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Part 2 - Weclome to Beijing

CHINA | Monday, 19 May 2014 | Views [358]

We are in the sprawling capital of the Peoples Republic, Beijing, as part two of four in a horse shoe adventure from Nepal now to China and around through to Mongolia and into Russia.


We clear customs and walk out into the terminal. We blew our budget months earlier and are low on ‘cash dollars’ so we forgo the airport hotel transfers and catch a bus; just a regular old city bus. We board and are assured it’s the correct one to get us to the centre of town and our hotel, we are in the city but not the centre, it looks like a regular suburb when the bus stops, the driver calls back and everyone turns and looks at us. We aren’t sure what anyone has said but it looks like this is our stop. but where are we.?


We never really find out.


There is a hotel a few blocks away and we ask the concierge where we are and he thinks we are trying to check in. On the street again, a tuk tuk driver stops and nods his head that he can take us to our hotel, scribbles a price on a scrap of paper, drives us around the block twice and then tries to get an exorbitant amount out of us. We heard a story that a traveller took a complaint over a taxi driver price gouging to a passing police officer. The officer promptly shot the driver.

It was a story that stuns and we felt the pressure to treat our situation with the appropriate level of gravitas. We argue and argue in the back alley the driver has driven us down before we remember the price he scribbled down – we show him this and he quiets down, for a second, we pay him a fraction of the original amount and walk away. Two hours in Beijing and we are lost. After another half hour of walking we find a subway station, match up the hanzi – the Chinese characters on the map with our printed page and through the now desperately well appreciated assistance of a polite local who calls our hotel for directions, we check in.

“Welcome to Beijing”


We have blisters on our feet from Nepal, so a hotel is a welcome change from hostels and guesthouses. We watch movies and rest our feet and eat McDonalds. We knew that China was opening up its borders to western franchisees and brands so we had expected a Mcdonalds, what we hadn’t expected was three…in one block.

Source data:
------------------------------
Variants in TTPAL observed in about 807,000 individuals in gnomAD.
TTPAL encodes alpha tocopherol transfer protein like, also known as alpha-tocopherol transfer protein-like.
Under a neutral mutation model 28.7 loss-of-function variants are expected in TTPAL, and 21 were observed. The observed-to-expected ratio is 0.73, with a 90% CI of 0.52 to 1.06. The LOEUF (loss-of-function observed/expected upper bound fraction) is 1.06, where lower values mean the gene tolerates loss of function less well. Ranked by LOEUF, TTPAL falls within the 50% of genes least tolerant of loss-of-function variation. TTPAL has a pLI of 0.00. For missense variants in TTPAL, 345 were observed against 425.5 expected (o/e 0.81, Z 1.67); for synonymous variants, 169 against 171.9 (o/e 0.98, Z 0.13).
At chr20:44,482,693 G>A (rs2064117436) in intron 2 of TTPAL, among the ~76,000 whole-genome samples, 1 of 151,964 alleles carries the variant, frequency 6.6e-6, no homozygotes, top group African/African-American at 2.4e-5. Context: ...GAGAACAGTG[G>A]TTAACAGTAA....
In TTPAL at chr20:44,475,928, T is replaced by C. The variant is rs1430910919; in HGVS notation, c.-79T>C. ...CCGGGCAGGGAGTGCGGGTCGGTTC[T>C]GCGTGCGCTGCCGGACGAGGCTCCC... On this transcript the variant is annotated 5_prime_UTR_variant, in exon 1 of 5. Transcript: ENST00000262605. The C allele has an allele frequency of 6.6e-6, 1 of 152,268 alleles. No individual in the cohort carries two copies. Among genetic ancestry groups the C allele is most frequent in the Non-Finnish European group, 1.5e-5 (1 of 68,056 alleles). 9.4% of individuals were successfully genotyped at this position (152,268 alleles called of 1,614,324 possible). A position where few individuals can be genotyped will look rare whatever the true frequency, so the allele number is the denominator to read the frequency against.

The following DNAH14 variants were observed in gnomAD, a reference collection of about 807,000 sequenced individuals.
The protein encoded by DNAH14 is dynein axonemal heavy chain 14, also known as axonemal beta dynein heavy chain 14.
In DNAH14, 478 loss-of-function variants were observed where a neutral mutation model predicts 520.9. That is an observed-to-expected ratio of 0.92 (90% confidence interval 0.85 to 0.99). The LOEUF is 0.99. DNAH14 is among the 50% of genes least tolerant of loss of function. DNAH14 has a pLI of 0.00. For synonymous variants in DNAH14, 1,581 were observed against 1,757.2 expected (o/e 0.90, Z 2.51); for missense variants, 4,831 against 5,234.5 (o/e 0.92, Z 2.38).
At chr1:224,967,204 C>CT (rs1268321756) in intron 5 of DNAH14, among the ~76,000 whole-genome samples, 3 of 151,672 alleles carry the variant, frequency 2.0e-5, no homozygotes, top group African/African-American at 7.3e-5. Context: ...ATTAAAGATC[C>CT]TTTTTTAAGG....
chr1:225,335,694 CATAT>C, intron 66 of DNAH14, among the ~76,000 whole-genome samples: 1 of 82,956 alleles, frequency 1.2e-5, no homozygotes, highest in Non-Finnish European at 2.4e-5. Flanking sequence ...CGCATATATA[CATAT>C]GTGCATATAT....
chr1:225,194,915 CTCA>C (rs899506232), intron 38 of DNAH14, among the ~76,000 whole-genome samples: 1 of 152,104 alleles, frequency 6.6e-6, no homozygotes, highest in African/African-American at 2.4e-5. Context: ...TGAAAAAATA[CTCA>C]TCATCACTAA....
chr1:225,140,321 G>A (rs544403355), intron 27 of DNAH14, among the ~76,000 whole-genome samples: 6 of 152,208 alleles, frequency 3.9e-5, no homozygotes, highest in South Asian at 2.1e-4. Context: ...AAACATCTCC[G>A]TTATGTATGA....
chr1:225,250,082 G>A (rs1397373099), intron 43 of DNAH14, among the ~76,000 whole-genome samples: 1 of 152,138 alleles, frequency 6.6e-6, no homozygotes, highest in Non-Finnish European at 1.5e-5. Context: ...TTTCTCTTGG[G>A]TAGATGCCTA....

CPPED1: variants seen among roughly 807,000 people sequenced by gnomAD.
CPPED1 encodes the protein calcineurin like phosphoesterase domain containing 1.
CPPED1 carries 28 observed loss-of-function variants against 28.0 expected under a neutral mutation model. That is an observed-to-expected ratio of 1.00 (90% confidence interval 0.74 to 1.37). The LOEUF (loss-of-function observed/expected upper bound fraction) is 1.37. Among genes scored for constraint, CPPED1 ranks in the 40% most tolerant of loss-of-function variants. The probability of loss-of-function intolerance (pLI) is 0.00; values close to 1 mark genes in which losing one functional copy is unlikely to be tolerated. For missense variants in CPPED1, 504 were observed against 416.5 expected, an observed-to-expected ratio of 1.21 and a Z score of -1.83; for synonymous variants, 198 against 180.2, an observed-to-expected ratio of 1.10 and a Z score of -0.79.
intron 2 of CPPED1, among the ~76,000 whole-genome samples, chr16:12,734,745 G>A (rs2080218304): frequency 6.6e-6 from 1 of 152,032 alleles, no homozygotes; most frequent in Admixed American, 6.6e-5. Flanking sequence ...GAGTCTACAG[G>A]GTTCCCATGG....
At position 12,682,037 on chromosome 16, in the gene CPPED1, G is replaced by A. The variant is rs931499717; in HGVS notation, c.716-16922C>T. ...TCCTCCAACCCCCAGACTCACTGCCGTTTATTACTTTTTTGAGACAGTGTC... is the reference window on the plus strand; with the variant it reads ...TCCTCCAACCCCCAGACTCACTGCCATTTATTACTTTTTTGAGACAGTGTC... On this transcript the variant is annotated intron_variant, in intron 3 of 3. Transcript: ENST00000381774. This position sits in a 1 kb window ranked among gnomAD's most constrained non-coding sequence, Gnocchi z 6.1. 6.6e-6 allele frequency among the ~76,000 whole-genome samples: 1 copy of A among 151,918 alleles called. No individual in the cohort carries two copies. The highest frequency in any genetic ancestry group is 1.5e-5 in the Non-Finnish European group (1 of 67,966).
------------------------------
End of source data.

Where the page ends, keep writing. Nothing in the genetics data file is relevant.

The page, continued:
After a couple more recovery days we start to explore Beijing and in front of the catholic St josephs church there is a crowd of people dancing. We are told they come here to exercise and in front of restaurants along the street peoples are doing the same moves and it is a wonderfully communal event. At the hotel I Skype home for the first time in months from the corridor because the wi-fi doesn’t reach into the room. Later I walk back in and my travel buddy tells me I missed it.

“Missed what?”

“There was a courtyard of kids practicing Karate. Like in the movies”.


When we meet up with our team who will join us on the Trans-Siberian express we find what we call meat street, an avenue not far from the church with vendors selling everything. Cat, Dog, snake, spider, ostrich, silkworm, starfish and most of the rest of the animal kingdom. We explore The Great Wall of China and great is an understatement. It rolls over peaks and into valleys and finds the line of best fit over them but seems to be rising over this hill and that hill and that hill and that hill impossibly and trying to trace it with a finger I seem to get lost. It is immense and rightly so included as one of the Seven Wonders of the World.


There are two Norwegians in our company, they rode bicycles from Vietnam to Beijing over three months but arrived early and have had time to explore Beijing. They take us to Beijing’s only micro brew – established by a couple of American ex-pats and is a hub for foreigners - journalists on assignment and more than anything men and women in Beijing on business. The new great economy in motion.


The night goes on a while longer through an unexpectedly buzzing night life and in the morning we board next adventure – the Trans Siberian express.

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